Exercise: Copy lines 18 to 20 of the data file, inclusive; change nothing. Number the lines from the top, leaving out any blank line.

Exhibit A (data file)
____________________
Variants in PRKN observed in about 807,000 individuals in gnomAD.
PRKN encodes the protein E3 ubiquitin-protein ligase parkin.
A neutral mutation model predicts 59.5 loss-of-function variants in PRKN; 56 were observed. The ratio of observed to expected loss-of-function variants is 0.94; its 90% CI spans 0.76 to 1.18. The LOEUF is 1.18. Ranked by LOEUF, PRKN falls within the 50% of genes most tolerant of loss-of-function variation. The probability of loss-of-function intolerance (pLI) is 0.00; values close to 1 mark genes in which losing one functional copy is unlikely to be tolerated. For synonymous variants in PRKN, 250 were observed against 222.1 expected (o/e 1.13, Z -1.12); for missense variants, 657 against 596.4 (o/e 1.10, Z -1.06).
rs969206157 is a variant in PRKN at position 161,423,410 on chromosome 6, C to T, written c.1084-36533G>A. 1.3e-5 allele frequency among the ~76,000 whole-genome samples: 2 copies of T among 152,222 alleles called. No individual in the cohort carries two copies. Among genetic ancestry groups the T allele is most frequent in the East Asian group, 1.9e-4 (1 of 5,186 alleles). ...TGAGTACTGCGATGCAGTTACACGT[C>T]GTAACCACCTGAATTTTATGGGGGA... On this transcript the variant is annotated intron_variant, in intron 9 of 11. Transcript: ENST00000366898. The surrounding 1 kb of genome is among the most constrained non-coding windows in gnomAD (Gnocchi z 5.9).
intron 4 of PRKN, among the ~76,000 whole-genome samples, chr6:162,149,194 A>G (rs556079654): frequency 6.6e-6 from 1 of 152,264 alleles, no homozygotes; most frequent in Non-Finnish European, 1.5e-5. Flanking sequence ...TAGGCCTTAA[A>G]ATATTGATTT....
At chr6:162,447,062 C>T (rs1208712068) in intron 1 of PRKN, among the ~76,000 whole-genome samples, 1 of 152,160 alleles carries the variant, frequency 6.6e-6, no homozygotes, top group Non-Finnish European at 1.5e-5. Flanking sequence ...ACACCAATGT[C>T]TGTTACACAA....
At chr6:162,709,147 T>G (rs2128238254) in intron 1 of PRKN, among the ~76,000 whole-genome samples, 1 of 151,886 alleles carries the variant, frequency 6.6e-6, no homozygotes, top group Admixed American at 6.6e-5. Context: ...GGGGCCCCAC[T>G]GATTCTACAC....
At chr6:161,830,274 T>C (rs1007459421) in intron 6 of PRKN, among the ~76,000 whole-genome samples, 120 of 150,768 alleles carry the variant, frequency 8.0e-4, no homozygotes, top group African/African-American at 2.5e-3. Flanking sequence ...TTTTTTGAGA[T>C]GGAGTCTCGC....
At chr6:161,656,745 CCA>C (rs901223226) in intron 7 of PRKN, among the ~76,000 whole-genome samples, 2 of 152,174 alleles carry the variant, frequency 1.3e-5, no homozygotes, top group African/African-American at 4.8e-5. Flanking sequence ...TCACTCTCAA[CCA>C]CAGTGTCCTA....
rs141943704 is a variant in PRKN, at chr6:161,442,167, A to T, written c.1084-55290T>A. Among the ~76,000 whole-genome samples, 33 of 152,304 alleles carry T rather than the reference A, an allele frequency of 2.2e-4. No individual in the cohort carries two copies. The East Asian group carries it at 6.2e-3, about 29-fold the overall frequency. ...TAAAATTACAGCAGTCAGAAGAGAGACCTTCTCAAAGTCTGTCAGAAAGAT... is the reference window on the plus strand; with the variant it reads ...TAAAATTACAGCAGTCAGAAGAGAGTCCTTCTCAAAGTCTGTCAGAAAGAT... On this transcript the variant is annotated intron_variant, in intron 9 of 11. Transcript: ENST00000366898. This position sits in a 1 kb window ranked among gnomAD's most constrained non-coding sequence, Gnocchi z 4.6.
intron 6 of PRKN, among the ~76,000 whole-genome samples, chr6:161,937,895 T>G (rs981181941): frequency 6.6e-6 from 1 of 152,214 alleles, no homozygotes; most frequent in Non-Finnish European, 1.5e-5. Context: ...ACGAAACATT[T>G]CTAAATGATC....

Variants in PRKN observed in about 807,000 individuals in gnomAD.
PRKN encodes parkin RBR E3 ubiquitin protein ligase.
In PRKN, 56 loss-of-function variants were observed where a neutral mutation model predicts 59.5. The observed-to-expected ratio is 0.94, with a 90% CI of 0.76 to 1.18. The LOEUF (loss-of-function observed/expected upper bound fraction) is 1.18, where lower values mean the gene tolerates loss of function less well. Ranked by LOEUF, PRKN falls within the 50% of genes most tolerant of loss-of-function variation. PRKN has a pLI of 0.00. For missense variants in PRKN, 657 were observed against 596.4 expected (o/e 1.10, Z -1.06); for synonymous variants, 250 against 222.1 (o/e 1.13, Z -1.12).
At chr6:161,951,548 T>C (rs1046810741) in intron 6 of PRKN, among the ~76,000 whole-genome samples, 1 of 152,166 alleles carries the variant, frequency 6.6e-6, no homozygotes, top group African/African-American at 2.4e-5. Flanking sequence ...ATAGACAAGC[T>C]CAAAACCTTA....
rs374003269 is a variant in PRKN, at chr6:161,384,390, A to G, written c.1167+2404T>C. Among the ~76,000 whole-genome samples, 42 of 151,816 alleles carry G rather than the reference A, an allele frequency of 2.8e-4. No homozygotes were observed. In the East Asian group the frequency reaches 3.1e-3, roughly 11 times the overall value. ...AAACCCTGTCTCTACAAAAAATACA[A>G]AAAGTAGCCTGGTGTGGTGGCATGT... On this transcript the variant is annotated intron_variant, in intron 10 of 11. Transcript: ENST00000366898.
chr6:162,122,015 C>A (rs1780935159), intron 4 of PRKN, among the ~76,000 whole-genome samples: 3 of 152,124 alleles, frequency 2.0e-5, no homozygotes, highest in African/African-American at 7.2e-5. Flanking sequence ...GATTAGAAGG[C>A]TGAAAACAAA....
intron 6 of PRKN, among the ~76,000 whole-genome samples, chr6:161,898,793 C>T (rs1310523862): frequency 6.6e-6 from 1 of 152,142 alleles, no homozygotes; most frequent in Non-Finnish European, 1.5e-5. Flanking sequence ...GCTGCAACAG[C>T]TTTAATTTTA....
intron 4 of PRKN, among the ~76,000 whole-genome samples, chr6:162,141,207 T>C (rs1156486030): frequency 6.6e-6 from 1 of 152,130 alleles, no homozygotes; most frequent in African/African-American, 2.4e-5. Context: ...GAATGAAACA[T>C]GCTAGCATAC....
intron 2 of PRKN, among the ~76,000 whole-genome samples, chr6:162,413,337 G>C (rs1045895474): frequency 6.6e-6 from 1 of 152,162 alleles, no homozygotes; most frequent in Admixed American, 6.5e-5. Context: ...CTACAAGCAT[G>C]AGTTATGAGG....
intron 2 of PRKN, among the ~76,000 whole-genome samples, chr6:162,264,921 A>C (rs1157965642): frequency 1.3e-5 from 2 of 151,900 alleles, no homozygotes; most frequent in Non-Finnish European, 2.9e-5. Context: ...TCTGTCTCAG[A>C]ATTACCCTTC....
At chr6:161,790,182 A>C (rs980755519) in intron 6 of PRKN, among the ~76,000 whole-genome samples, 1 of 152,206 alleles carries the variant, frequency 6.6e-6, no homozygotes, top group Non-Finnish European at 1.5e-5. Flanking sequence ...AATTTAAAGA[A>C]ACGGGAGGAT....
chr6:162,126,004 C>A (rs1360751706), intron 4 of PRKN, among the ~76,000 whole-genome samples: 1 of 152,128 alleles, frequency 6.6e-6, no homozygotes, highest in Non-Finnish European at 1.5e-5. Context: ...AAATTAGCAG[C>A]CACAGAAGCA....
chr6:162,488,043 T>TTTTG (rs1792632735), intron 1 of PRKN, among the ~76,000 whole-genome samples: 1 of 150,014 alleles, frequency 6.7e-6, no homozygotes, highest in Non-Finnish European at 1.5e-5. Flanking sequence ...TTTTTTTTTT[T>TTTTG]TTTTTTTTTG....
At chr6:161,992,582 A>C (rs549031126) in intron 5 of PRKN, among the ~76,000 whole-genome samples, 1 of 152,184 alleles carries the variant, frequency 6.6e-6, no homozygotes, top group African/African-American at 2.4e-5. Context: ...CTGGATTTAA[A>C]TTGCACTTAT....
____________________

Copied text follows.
intron 6 of PRKN, among the ~76,000 whole-genome samples, chr6:161,898,793 C>T (rs1310523862): frequency 6.6e-6 from 1 of 152,142 alleles, no homozygotes; most frequent in Non-Finnish European, 1.5e-5. Flanking sequence ...GCTGCAACAG[C>T]TTTAATTTTA....
intron 4 of PRKN, among the ~76,000 whole-genome samples, chr6:162,141,207 T>C (rs1156486030): frequency 6.6e-6 from 1 of 152,130 alleles, no homozygotes; most frequent in African/African-American, 2.4e-5. Context: ...GAATGAAACA[T>C]GCTAGCATAC....
intron 2 of PRKN, among the ~76,000 whole-genome samples, chr6:162,413,337 G>C (rs1045895474): frequency 6.6e-6 from 1 of 152,162 alleles, no homozygotes; most frequent in Admixed American, 6.5e-5. Context: ...CTACAAGCAT[G>C]AGTTATGAGG....